Canada illustrates the danger of ‘emergency’ laws

Fifty years after Canada’s most recent police state imposition, two academics warn about the repressive history of laws brought in to cope with ‘emergencies’. Citizens must not give governments powers that are certain to be abused by later suspension of civil liberties, police crackdowns and, with today’s and tomorrow’s technology, electronic Big Brother surveillance.

May 2020 CLArion newsletter: Trust emerges as even stronger factor in which politicians and parties we’re prepared to put our faith in next time around

With the immediate emergency fading, thoughts turn to what we need restoring first: personal freedoms (our civil liberties) back is No 1, just to walk on a beach, take a drive, go interstate. Then comes democracy: parliaments sitting again to schedule. We need to learn the lessons of this time for for next time. Is the ‘National Cabinet’ appropriate? Is it just PR spin and collective avoidance of responsibility? It’s not constitutional, so entrenching an NC means legislating in every parliament. That would open a bag of states’ rights and responsibilities worms sure to engender passionate debate about whether we can trust politicians to not dispense arbitrarily with our freedoms at a moment’s notice…like this time around.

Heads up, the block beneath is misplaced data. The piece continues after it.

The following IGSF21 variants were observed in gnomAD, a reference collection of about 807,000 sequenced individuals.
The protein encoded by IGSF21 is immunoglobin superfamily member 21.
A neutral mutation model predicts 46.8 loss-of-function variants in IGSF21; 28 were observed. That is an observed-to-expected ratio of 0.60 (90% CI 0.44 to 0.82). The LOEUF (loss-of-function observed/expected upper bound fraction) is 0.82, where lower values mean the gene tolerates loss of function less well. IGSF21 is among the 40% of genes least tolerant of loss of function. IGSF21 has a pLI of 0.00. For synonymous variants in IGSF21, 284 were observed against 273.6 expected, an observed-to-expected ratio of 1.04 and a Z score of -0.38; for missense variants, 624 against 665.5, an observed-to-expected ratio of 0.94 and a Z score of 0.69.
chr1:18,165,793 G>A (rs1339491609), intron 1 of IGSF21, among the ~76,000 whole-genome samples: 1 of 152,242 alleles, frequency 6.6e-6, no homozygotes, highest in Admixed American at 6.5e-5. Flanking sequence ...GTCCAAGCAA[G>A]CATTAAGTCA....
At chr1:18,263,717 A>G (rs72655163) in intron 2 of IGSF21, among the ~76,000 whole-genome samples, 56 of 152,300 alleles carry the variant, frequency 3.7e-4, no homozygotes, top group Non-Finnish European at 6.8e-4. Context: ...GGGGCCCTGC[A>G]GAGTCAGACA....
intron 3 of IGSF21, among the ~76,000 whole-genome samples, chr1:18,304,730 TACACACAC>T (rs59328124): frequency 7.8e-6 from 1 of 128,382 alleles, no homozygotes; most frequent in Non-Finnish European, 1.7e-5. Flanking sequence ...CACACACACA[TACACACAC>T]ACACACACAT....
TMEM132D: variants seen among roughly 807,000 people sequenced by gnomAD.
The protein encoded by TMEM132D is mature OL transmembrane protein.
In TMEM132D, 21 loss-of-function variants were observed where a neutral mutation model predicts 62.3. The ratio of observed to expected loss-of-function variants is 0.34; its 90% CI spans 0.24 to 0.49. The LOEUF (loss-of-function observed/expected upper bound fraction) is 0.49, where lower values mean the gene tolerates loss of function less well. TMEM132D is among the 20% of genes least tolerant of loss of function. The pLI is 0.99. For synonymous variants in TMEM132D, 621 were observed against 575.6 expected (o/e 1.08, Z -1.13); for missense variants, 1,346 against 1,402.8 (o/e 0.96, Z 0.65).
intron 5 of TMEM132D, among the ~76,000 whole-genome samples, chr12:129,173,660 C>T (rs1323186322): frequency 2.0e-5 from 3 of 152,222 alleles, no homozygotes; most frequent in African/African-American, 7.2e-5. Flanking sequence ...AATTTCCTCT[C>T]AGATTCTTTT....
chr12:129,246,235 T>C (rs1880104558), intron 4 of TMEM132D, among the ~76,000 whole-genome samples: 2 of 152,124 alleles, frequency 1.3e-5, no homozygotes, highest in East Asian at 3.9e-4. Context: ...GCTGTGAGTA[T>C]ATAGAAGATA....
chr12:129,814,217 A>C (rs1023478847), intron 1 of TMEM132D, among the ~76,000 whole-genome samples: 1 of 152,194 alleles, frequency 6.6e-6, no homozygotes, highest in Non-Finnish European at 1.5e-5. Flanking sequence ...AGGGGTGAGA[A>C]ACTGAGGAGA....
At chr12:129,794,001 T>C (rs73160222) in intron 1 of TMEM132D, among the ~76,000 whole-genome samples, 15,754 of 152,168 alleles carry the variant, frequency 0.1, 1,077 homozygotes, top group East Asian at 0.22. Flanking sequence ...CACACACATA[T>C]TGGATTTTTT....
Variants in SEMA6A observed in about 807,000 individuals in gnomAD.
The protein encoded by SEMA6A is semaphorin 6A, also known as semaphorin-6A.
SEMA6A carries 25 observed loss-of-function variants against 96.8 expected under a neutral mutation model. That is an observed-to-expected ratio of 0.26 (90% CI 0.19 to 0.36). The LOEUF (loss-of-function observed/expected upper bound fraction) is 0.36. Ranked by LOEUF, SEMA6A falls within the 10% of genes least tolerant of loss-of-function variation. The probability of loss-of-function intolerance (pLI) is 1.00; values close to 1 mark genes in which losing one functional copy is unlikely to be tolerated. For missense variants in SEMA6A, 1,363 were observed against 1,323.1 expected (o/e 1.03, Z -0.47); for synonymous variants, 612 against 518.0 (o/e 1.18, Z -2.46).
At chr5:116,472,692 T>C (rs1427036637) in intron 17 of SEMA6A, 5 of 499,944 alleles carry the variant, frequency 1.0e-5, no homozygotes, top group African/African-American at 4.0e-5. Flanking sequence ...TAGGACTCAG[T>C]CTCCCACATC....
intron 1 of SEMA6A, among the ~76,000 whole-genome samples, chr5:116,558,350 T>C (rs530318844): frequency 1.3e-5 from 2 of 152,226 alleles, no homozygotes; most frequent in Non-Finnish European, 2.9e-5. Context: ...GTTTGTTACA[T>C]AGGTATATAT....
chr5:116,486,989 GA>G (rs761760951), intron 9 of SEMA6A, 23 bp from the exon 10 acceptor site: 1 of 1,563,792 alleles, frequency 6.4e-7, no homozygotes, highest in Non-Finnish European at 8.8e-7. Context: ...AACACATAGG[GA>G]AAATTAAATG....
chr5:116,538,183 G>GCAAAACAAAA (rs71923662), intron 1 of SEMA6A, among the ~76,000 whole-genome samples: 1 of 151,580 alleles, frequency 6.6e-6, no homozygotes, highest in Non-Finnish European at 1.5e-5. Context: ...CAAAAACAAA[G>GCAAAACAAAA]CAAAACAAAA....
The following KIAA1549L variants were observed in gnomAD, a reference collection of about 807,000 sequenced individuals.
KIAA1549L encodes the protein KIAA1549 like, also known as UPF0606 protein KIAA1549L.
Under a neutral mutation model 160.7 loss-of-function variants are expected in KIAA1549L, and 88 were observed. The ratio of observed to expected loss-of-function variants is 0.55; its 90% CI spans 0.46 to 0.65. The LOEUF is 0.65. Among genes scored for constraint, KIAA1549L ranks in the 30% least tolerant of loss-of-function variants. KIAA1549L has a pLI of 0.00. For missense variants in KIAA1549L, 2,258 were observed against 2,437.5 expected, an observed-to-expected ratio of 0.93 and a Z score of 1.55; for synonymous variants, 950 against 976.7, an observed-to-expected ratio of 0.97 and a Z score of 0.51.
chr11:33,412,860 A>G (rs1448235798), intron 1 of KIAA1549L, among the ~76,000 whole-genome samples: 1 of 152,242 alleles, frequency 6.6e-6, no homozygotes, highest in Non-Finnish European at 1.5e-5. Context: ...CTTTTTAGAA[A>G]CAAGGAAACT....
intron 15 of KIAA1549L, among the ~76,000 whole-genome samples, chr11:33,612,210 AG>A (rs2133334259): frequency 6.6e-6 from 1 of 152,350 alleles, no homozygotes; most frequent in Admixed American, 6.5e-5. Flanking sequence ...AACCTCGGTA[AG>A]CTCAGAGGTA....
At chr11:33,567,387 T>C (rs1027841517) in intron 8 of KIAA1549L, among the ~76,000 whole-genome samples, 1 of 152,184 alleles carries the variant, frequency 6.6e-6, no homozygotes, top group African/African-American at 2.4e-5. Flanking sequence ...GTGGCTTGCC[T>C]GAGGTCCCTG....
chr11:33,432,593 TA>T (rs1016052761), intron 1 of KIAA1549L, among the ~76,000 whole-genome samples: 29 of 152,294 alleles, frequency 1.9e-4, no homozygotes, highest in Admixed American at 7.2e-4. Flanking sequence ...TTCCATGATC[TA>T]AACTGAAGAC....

Former spook insider Wilkie tells PM ’No’ to app download

Probably the most knowledgeable federal parliamentarian on security issues, Andrew Wilkie, has made it crystal clear why he won’t be rushing to download the Corvid-19 app. Basically, he doesn’t trust the government or its cyber spooks. The former Army officer resigned as an intelligent analyst from Australia’s Office of National Assessments over misinformation given out by then-PM John Howard on Iraq’s supposed weapons of mass destruction in Iraq.